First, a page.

In reply to: k0g71330 wrote a new post, Social Norms in Evelina, on the site Origins of the "Novel" Through various characters in Evelina, Frances Burney demonstrates the preoccupation with reputation and propriety that is […] View

    Interesting conclusion. Maybe Burney questioned whether these conventions were suitable to all individuals, even in various geographical locations. I wonder what audiences Burney sought to appeal?

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    mnm53290 commented on the post, Dancing as a Common Custom, on the site Origins of the "Novel" 3 years, 10 months ago

    In reply to: Sana wrote a new post, Dancing as a Common Custom, on the site Origins of the "Novel" In London people apply the best costumes, wear wonderful clothes and attend the best social events. It was the heart of Europe. […] View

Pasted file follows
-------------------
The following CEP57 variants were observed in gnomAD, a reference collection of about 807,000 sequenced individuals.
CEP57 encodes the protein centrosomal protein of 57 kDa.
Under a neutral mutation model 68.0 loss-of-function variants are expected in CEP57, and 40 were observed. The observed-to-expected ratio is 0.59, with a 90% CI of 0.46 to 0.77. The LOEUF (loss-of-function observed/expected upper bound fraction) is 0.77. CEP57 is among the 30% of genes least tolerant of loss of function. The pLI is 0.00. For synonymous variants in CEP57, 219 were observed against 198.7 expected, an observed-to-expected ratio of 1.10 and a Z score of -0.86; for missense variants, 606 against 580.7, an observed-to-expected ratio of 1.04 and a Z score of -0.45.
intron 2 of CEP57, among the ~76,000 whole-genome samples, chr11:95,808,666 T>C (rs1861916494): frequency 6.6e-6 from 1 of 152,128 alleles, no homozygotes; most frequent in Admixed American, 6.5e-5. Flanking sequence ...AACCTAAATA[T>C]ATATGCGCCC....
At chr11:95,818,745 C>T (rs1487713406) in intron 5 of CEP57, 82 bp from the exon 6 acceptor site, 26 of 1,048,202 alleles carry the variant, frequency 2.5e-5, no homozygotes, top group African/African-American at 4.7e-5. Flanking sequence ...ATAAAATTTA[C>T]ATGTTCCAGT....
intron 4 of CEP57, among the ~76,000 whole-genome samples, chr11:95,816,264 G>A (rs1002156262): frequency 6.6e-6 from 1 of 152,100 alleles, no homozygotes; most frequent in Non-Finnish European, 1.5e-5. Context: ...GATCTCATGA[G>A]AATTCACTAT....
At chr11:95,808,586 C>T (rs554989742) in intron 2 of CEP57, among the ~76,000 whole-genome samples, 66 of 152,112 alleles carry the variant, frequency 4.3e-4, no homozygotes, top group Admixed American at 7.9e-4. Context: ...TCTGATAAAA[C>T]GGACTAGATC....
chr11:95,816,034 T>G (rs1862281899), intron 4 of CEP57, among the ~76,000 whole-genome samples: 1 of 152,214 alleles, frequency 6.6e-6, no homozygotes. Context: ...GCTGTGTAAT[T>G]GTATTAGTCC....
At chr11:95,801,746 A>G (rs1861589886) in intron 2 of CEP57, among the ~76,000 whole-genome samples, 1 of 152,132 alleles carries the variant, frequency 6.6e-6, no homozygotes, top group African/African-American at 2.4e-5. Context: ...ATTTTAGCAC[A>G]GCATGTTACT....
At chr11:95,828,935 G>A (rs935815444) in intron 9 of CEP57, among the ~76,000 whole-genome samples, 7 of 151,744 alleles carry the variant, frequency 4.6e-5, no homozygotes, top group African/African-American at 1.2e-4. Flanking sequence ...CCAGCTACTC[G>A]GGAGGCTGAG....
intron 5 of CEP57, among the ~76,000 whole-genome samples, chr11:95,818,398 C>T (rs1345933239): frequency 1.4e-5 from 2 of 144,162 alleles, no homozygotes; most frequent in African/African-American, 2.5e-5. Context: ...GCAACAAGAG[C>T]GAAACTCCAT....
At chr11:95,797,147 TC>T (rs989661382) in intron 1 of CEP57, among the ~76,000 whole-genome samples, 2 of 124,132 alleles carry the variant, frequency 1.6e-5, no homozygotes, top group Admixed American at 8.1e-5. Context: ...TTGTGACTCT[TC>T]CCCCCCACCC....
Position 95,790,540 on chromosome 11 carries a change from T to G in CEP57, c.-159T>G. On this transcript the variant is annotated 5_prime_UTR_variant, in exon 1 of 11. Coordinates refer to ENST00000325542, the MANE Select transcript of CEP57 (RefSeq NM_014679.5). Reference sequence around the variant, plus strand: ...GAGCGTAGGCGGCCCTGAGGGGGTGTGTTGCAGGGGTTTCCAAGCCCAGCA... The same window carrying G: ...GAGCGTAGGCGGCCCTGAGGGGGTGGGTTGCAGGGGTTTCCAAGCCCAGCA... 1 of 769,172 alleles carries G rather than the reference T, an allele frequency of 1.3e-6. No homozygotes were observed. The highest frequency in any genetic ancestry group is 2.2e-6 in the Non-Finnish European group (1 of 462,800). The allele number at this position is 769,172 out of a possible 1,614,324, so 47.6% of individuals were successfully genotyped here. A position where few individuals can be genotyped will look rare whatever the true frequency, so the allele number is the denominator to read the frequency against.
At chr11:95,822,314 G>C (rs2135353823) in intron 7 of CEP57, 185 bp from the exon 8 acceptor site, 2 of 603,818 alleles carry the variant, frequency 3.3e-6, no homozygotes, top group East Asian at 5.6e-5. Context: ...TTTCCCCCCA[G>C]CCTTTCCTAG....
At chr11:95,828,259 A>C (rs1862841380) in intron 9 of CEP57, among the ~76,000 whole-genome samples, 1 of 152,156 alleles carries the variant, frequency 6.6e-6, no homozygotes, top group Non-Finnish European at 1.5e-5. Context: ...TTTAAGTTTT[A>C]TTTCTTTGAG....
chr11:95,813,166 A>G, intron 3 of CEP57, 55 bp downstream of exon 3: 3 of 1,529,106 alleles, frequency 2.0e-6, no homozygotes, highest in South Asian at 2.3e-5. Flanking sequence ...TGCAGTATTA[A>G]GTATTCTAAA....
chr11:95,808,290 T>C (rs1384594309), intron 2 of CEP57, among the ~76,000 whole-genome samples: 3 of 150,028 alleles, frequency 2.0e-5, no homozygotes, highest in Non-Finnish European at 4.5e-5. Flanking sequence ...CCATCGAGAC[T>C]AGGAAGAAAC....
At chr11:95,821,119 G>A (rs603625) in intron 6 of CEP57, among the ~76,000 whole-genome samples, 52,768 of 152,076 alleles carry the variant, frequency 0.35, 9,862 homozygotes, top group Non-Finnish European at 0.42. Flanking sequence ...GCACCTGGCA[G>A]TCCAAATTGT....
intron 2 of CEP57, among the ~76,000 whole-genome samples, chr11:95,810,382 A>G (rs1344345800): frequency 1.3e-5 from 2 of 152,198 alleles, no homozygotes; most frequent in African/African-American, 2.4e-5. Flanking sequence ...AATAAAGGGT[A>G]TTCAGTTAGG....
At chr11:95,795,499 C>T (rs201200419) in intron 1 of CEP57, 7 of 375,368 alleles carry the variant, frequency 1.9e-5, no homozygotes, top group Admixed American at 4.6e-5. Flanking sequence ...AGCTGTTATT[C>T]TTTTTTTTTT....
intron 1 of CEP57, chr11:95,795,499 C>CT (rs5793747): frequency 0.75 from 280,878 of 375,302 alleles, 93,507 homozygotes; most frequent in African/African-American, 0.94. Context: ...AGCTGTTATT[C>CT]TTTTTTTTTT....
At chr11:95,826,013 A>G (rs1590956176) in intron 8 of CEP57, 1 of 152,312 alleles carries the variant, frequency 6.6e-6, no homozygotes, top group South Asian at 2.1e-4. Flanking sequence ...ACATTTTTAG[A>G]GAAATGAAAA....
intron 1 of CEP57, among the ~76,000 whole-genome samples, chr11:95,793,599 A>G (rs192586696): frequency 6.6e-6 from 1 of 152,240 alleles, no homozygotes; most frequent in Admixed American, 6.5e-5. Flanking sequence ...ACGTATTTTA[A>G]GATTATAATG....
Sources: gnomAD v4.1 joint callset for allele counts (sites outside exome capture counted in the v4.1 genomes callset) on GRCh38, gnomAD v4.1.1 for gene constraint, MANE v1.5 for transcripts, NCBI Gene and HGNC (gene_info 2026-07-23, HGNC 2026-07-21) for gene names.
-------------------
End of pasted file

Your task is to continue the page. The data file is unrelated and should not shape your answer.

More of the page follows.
It is true that Evelina and Roxana differed greatly. I would say that Evelina’s situation was somewhat drastic from the beginning, which put her in uncomfortable situations when she grew older.

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    mnm53290 wrote a new post, Burney’s Style, on the site Origins of the "Novel" 3 years, 11 months ago

    Author of Evelina, Frances Burney’s style when writing her text is unique. While she strongly encourages creativity, she still sticks to the conventions of the day which draw on Fielding’s notion of capturing the […]